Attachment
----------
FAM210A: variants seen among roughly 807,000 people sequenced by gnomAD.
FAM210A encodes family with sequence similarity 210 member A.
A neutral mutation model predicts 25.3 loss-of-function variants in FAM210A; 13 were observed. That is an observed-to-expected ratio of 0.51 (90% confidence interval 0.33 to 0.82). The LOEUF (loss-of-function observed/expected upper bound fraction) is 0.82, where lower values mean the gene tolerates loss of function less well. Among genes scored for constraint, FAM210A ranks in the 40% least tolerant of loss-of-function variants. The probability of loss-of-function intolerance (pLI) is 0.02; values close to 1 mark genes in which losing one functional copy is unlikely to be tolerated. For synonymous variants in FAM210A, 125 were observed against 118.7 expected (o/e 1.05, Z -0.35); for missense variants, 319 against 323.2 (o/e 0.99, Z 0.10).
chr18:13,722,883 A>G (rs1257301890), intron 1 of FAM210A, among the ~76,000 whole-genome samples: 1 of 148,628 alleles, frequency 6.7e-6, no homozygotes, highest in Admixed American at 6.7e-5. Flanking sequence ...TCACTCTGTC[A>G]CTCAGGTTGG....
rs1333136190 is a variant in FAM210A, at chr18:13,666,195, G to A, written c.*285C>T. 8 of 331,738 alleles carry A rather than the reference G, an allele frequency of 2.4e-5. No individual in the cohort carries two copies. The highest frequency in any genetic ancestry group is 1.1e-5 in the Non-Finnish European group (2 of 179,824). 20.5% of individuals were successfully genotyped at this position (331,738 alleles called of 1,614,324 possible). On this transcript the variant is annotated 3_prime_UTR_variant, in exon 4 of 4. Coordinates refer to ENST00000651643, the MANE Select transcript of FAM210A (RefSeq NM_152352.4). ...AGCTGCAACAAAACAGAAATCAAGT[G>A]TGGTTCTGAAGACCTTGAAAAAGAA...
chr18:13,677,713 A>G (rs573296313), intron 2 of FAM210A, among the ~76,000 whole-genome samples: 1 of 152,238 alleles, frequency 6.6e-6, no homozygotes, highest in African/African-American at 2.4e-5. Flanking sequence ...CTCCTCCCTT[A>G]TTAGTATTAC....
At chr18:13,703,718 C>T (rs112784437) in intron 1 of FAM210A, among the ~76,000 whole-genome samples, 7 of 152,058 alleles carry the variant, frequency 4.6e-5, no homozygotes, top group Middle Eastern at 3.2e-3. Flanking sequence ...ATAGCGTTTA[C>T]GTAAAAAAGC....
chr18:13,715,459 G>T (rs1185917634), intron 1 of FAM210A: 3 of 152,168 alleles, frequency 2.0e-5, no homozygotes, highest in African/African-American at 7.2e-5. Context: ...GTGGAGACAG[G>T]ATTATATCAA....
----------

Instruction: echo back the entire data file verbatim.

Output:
FAM210A: variants seen among roughly 807,000 people sequenced by gnomAD.
FAM210A encodes family with sequence similarity 210 member A.
A neutral mutation model predicts 25.3 loss-of-function variants in FAM210A; 13 were observed. That is an observed-to-expected ratio of 0.51 (90% confidence interval 0.33 to 0.82). The LOEUF (loss-of-function observed/expected upper bound fraction) is 0.82, where lower values mean the gene tolerates loss of function less well. Among genes scored for constraint, FAM210A ranks in the 40% least tolerant of loss-of-function variants. The probability of loss-of-function intolerance (pLI) is 0.02; values close to 1 mark genes in which losing one functional copy is unlikely to be tolerated. For synonymous variants in FAM210A, 125 were observed against 118.7 expected (o/e 1.05, Z -0.35); for missense variants, 319 against 323.2 (o/e 0.99, Z 0.10).
chr18:13,722,883 A>G (rs1257301890), intron 1 of FAM210A, among the ~76,000 whole-genome samples: 1 of 148,628 alleles, frequency 6.7e-6, no homozygotes, highest in Admixed American at 6.7e-5. Flanking sequence ...TCACTCTGTC[A>G]CTCAGGTTGG....
rs1333136190 is a variant in FAM210A, at chr18:13,666,195, G to A, written c.*285C>T. 8 of 331,738 alleles carry A rather than the reference G, an allele frequency of 2.4e-5. No individual in the cohort carries two copies. The highest frequency in any genetic ancestry group is 1.1e-5 in the Non-Finnish European group (2 of 179,824). 20.5% of individuals were successfully genotyped at this position (331,738 alleles called of 1,614,324 possible). On this transcript the variant is annotated 3_prime_UTR_variant, in exon 4 of 4. Coordinates refer to ENST00000651643, the MANE Select transcript of FAM210A (RefSeq NM_152352.4). ...AGCTGCAACAAAACAGAAATCAAGT[G>A]TGGTTCTGAAGACCTTGAAAAAGAA...
chr18:13,677,713 A>G (rs573296313), intron 2 of FAM210A, among the ~76,000 whole-genome samples: 1 of 152,238 alleles, frequency 6.6e-6, no homozygotes, highest in African/African-American at 2.4e-5. Flanking sequence ...CTCCTCCCTT[A>G]TTAGTATTAC....
At chr18:13,703,718 C>T (rs112784437) in intron 1 of FAM210A, among the ~76,000 whole-genome samples, 7 of 152,058 alleles carry the variant, frequency 4.6e-5, no homozygotes, top group Middle Eastern at 3.2e-3. Flanking sequence ...ATAGCGTTTA[C>T]GTAAAAAAGC....
chr18:13,715,459 G>T (rs1185917634), intron 1 of FAM210A: 3 of 152,168 alleles, frequency 2.0e-5, no homozygotes, highest in African/African-American at 7.2e-5. Context: ...GTGGAGACAG[G>T]ATTATATCAA....